updated 11/16/2005 8:45:23 AM ET 2005-11-16T13:45:23

The trial of Slobodan Milosevic was adjourned Wednesday after the former Yugoslav president said he was feeling too ill to continue.

“I cannot call my next witness. I cannot sit here any longer,” Milosevic told presiding Judge Patrick Robinson. “Everybody knows I have been coming here with great difficulty.”

Robinson then announced a break in hearings. “You will be medically examined at the tribunal,” he said.

The interruption came one day after Milosevic asked the court for a six-week recess, citing a new medical report that his heart condition had not stabilized.

In poor health
Milosevic, 63, suffers chronic high blood pressure, which has led to months of delays in his landmark case at the International Criminal Tribunal for the former Yugoslavia that began in February 2002.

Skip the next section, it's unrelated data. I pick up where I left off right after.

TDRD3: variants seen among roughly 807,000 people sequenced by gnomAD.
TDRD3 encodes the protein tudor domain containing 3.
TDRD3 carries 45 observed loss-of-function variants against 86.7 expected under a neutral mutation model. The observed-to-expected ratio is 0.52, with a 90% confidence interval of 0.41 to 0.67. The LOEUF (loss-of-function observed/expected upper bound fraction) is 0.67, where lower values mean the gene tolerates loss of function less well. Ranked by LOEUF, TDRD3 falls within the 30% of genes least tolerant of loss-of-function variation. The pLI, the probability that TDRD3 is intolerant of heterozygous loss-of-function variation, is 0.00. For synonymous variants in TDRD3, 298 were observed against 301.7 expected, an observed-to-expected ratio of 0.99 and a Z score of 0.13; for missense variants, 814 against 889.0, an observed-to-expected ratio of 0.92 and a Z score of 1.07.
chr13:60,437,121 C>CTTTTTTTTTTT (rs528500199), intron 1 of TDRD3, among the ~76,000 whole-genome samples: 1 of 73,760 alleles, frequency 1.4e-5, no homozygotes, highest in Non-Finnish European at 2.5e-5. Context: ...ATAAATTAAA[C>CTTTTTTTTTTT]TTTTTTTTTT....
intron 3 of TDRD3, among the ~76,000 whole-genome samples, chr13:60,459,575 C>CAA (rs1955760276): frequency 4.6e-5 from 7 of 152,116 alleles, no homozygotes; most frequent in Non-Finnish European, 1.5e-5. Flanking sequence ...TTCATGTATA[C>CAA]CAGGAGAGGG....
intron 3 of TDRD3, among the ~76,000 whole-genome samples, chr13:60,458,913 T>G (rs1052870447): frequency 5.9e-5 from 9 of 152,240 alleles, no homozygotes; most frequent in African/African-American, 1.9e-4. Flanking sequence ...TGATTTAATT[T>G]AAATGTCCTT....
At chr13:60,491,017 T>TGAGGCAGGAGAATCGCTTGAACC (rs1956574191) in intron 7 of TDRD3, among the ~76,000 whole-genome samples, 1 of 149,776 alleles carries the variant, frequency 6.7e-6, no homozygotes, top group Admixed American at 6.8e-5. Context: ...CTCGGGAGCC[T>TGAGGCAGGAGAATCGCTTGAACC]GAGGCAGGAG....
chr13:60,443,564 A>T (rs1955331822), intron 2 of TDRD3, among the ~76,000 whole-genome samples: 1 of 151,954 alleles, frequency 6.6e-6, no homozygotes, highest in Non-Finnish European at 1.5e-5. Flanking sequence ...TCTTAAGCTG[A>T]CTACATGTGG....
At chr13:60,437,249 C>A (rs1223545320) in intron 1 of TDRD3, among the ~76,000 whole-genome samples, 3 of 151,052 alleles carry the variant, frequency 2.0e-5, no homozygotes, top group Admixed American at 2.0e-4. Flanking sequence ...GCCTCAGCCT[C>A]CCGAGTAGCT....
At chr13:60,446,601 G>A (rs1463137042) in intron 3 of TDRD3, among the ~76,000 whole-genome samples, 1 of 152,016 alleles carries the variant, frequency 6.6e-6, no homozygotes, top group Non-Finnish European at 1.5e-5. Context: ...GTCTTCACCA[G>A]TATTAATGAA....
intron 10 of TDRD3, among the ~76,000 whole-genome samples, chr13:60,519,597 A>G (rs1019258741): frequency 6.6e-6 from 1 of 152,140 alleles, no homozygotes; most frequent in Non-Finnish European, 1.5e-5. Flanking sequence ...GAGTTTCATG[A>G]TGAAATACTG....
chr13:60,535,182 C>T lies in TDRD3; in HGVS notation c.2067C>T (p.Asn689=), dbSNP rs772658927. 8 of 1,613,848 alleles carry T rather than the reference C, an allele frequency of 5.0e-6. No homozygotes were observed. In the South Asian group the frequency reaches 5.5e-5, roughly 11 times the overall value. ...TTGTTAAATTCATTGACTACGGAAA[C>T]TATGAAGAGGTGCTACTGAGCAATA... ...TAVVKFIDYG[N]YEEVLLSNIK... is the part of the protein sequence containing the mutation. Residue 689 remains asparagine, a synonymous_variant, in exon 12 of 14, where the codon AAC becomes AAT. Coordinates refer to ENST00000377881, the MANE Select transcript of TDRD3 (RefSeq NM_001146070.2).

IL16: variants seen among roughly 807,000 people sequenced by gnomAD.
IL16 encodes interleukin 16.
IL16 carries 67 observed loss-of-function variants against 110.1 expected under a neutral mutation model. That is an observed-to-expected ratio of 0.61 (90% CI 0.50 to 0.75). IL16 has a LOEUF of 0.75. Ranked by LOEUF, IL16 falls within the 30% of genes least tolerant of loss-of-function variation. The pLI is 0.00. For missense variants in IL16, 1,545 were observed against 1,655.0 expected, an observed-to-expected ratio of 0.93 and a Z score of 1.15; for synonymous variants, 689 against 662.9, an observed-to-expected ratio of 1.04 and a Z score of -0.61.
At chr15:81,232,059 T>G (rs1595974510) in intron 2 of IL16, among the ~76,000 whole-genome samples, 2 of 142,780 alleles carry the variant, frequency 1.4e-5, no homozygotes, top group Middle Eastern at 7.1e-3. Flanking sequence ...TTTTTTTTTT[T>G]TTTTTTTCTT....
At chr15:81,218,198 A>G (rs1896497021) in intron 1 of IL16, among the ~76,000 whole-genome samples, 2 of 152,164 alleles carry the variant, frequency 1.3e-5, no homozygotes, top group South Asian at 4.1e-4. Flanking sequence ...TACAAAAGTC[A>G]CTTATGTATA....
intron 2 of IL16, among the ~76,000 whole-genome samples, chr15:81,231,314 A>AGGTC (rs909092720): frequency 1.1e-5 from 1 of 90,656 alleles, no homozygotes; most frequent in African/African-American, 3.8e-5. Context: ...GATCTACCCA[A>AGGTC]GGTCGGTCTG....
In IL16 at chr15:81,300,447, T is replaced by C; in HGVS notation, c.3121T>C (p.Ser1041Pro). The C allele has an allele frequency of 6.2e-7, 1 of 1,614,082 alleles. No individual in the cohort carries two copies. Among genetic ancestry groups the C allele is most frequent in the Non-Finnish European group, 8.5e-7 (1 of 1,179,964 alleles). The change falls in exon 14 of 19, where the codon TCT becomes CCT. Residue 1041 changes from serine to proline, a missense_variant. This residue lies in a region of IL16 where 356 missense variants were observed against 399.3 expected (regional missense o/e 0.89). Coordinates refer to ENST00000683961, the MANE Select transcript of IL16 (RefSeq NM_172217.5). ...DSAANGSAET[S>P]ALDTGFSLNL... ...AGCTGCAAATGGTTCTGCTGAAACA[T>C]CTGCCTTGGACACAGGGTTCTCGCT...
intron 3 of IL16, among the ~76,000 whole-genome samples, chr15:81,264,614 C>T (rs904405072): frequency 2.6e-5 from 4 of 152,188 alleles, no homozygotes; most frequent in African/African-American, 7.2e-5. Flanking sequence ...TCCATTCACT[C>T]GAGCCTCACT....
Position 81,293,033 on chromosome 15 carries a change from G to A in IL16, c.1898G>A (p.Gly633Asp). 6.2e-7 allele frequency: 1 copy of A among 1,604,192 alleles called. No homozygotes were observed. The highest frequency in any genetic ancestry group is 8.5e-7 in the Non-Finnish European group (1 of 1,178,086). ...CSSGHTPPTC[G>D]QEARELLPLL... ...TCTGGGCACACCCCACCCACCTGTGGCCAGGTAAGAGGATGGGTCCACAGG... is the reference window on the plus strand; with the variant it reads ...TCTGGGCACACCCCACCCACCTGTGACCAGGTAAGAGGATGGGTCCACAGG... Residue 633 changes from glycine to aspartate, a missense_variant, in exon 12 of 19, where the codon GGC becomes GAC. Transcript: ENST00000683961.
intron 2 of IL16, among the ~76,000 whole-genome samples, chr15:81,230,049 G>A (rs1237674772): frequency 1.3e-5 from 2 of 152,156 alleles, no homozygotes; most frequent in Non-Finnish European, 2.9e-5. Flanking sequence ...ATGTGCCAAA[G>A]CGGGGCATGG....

Asked by the judge how he is feeling, Milosevic said, “I have this enormous pressure in my eyes, ears, I feel like my head weighs half a ton. I am bothered by any kind of sound.”

The former Serb leader told the court on Tuesday that three private specialists had examined him on Nov. 4 and recommended “a suspension of physical and mental activities for a minimum of six weeks.”

The three-judge tribunal, which only received a copy of the report during Tuesday’s hearing, said it would consider the doctor’s recommendations and later deliver a decision.

Milosevic is defending himself against charges of genocide, war crimes and crimes against humanity during the breakup of the former Yugoslavia during the 1990s. Though he has repeatedly refused to accept a defense lawyer, the strain of preparing for court appearances and questioning witnesses has added to his health problems.

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